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The FBI just used facial recognition to catch a fugitive of 14 years

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I've had my doubts about the FBI's facial recognition systems, but a new case has given a rare window into how the system will actually work — and it looks a lot less like science fiction than old-fashioned border control.

The story starts with a fugitive, Neil Stammer, who had been on the run since he was arrested for child sex abuse and kidnapping in 1999. According to police reports, Stammer speaks nearly a dozen languages, so when he fled the country using false papers, it left law enforcement with few clues as to where he might be. The case languished for 14 years until this January, when a new facial recognition system found a face that matched Stammer's. The Diplomatic Security Service had his face on file under the name Kevin Hodges, thanks to a recent visa application to the US Embassy in Nepal. The DSS contacted the FBI, and a few months later Stammer was in custody.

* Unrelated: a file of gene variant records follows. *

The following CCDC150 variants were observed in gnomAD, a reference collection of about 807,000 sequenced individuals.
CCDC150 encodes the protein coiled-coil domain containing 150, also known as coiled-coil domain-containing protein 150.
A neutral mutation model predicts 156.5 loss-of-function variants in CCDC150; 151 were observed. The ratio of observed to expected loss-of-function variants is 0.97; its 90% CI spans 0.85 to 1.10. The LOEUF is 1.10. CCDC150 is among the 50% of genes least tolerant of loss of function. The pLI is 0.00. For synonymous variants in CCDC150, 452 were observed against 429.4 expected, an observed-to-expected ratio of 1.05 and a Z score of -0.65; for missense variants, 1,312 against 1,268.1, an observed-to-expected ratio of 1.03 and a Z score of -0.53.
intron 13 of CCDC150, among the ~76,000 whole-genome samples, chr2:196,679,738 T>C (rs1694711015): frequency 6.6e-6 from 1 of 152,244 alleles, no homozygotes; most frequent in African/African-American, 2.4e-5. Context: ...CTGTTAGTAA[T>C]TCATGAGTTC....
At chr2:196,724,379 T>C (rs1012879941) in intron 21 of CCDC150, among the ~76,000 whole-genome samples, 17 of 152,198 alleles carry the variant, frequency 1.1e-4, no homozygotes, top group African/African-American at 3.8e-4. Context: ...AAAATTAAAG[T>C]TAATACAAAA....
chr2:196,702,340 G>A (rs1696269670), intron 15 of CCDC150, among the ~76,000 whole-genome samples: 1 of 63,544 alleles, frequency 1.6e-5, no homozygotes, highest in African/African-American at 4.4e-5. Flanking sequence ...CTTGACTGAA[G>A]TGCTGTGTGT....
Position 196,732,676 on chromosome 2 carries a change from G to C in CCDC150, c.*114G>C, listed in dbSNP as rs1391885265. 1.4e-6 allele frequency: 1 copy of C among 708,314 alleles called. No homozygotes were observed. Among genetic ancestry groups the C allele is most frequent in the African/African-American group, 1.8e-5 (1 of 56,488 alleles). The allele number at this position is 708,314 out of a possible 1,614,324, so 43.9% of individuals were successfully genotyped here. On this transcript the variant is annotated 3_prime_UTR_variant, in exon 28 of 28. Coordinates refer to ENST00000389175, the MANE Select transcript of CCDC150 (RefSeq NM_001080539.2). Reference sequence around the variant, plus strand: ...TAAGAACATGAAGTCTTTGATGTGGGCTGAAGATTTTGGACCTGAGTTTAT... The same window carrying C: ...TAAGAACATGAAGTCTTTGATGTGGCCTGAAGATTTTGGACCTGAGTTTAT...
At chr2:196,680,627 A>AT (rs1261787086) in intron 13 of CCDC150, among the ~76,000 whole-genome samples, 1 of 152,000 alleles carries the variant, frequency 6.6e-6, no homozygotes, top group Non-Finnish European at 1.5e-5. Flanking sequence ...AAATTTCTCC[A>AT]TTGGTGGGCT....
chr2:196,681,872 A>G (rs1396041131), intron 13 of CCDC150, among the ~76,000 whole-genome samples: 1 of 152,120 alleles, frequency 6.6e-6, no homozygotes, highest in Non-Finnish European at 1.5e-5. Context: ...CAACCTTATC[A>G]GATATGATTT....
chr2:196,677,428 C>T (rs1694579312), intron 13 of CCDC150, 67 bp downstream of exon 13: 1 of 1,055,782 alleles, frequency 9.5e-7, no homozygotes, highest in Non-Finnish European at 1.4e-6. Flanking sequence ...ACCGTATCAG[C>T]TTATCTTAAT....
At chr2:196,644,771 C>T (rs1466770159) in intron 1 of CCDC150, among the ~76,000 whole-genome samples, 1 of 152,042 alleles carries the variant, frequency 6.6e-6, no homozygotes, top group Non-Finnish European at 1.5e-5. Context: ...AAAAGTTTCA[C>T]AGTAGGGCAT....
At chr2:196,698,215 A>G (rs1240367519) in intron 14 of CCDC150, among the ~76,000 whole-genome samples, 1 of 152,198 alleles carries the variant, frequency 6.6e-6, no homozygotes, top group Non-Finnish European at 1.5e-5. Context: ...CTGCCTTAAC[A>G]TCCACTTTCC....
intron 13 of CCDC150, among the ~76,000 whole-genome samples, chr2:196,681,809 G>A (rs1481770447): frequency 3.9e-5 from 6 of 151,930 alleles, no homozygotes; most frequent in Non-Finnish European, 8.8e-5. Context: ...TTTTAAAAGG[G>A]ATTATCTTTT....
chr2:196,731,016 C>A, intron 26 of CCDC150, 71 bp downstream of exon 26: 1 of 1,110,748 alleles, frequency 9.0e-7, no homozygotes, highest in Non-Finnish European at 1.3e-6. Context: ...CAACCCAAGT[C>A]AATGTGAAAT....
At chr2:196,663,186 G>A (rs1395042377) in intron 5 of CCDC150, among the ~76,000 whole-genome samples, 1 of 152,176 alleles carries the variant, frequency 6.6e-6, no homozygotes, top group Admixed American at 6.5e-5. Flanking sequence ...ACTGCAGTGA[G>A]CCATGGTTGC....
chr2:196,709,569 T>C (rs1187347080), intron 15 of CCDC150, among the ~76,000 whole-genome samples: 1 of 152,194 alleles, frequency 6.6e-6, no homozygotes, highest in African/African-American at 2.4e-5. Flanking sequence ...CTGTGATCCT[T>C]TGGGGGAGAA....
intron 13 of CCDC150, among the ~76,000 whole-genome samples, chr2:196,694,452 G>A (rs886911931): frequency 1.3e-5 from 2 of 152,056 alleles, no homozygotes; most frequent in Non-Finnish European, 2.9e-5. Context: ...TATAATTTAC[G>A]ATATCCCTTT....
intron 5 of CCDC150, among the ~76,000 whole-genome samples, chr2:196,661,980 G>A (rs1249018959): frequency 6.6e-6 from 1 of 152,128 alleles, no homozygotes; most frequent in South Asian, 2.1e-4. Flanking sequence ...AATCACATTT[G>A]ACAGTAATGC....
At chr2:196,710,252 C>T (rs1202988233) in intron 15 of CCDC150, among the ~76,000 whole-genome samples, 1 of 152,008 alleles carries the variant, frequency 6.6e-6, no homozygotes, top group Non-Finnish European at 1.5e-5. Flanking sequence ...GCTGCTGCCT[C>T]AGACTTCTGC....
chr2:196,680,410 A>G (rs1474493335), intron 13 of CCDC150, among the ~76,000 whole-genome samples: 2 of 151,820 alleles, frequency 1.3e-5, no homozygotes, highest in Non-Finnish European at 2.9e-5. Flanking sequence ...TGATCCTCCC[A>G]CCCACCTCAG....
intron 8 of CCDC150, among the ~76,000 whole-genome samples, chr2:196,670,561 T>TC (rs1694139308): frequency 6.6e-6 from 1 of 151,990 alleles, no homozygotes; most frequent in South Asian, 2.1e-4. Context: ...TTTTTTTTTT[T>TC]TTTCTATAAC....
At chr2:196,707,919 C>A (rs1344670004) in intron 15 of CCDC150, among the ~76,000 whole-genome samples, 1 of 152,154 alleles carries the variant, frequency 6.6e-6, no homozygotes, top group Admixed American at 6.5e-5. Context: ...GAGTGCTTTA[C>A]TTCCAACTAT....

A visa application in Nepal tipped them off

It's a simple story, but it gives a sense of how the FBI is actually using facial recognition. As it turns out, it's less complicated than you might think. In Stammer's case, both of the photos were passport-style photos taken from close range, with the subject directly facing the cameras. That's the strike zone for modern facial recognition, so it's not surprising FBI technology was able to match the faces.

As a result, it's easy to overstate the importance of facial recognition to a case like this. The current tech can't search through crowds in a Boston Bombing scenario, and it's not clear it ever will be. Even systems like the one in Chicago end up blocked by bad angles and inconsistent lighting. If Stammer had grown a mustache or had plastic surgery, it's plausible that he could have slipped through the system entirely. The converse is also true: If the embassy staff in Nepal had been more diligent, they might have recognized Stammer without any tech at all. But the simple "Wanted" poster has always been a powerful tool — and in the age of computerized pattern matching, it may be more powerful than ever before.